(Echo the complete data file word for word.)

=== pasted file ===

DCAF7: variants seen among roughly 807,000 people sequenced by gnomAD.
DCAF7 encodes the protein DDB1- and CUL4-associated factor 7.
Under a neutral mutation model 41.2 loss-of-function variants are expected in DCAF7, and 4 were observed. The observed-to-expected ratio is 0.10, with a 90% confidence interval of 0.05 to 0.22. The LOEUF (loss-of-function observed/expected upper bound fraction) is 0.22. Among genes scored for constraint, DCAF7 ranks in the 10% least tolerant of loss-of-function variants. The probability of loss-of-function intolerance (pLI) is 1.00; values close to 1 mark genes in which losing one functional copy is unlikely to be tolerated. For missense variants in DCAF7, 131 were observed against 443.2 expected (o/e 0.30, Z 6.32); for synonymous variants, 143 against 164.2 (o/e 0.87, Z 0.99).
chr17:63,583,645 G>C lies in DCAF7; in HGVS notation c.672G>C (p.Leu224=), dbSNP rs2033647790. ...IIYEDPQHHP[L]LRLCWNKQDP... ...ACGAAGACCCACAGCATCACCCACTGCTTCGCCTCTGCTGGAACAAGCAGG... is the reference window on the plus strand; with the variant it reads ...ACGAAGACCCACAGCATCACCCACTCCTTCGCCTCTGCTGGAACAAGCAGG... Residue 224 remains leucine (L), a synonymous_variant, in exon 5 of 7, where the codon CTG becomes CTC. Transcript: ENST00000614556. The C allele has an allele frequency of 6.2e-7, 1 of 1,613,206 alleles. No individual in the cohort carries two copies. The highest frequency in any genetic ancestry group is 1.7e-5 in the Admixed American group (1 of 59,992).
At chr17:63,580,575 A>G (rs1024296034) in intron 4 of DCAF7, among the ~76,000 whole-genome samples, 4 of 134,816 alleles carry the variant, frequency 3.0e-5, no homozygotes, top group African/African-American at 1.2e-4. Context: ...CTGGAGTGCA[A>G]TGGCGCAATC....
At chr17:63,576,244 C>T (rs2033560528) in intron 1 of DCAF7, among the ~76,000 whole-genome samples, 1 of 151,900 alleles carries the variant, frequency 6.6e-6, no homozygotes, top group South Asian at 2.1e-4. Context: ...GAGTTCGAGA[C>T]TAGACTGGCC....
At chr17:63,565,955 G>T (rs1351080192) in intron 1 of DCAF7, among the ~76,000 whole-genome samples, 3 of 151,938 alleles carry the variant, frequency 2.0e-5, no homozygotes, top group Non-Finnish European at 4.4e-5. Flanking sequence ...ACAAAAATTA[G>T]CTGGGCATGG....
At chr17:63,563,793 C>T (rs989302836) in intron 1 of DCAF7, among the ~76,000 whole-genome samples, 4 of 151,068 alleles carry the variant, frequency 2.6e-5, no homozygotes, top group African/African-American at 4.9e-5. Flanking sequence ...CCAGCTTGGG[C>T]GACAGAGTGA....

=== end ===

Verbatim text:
DCAF7: variants seen among roughly 807,000 people sequenced by gnomAD.
DCAF7 encodes the protein DDB1- and CUL4-associated factor 7.
Under a neutral mutation model 41.2 loss-of-function variants are expected in DCAF7, and 4 were observed. The observed-to-expected ratio is 0.10, with a 90% confidence interval of 0.05 to 0.22. The LOEUF (loss-of-function observed/expected upper bound fraction) is 0.22. Among genes scored for constraint, DCAF7 ranks in the 10% least tolerant of loss-of-function variants. The probability of loss-of-function intolerance (pLI) is 1.00; values close to 1 mark genes in which losing one functional copy is unlikely to be tolerated. For missense variants in DCAF7, 131 were observed against 443.2 expected (o/e 0.30, Z 6.32); for synonymous variants, 143 against 164.2 (o/e 0.87, Z 0.99).
chr17:63,583,645 G>C lies in DCAF7; in HGVS notation c.672G>C (p.Leu224=), dbSNP rs2033647790. ...IIYEDPQHHP[L]LRLCWNKQDP... ...ACGAAGACCCACAGCATCACCCACTGCTTCGCCTCTGCTGGAACAAGCAGG... is the reference window on the plus strand; with the variant it reads ...ACGAAGACCCACAGCATCACCCACTCCTTCGCCTCTGCTGGAACAAGCAGG... Residue 224 remains leucine (L), a synonymous_variant, in exon 5 of 7, where the codon CTG becomes CTC. Transcript: ENST00000614556. The C allele has an allele frequency of 6.2e-7, 1 of 1,613,206 alleles. No individual in the cohort carries two copies. The highest frequency in any genetic ancestry group is 1.7e-5 in the Admixed American group (1 of 59,992).
At chr17:63,580,575 A>G (rs1024296034) in intron 4 of DCAF7, among the ~76,000 whole-genome samples, 4 of 134,816 alleles carry the variant, frequency 3.0e-5, no homozygotes, top group African/African-American at 1.2e-4. Context: ...CTGGAGTGCA[A>G]TGGCGCAATC....
At chr17:63,576,244 C>T (rs2033560528) in intron 1 of DCAF7, among the ~76,000 whole-genome samples, 1 of 151,900 alleles carries the variant, frequency 6.6e-6, no homozygotes, top group South Asian at 2.1e-4. Context: ...GAGTTCGAGA[C>T]TAGACTGGCC....
At chr17:63,565,955 G>T (rs1351080192) in intron 1 of DCAF7, among the ~76,000 whole-genome samples, 3 of 151,938 alleles carry the variant, frequency 2.0e-5, no homozygotes, top group Non-Finnish European at 4.4e-5. Flanking sequence ...ACAAAAATTA[G>T]CTGGGCATGG....
At chr17:63,563,793 C>T (rs989302836) in intron 1 of DCAF7, among the ~76,000 whole-genome samples, 4 of 151,068 alleles carry the variant, frequency 2.6e-5, no homozygotes, top group African/African-American at 4.9e-5. Flanking sequence ...CCAGCTTGGG[C>T]GACAGAGTGA....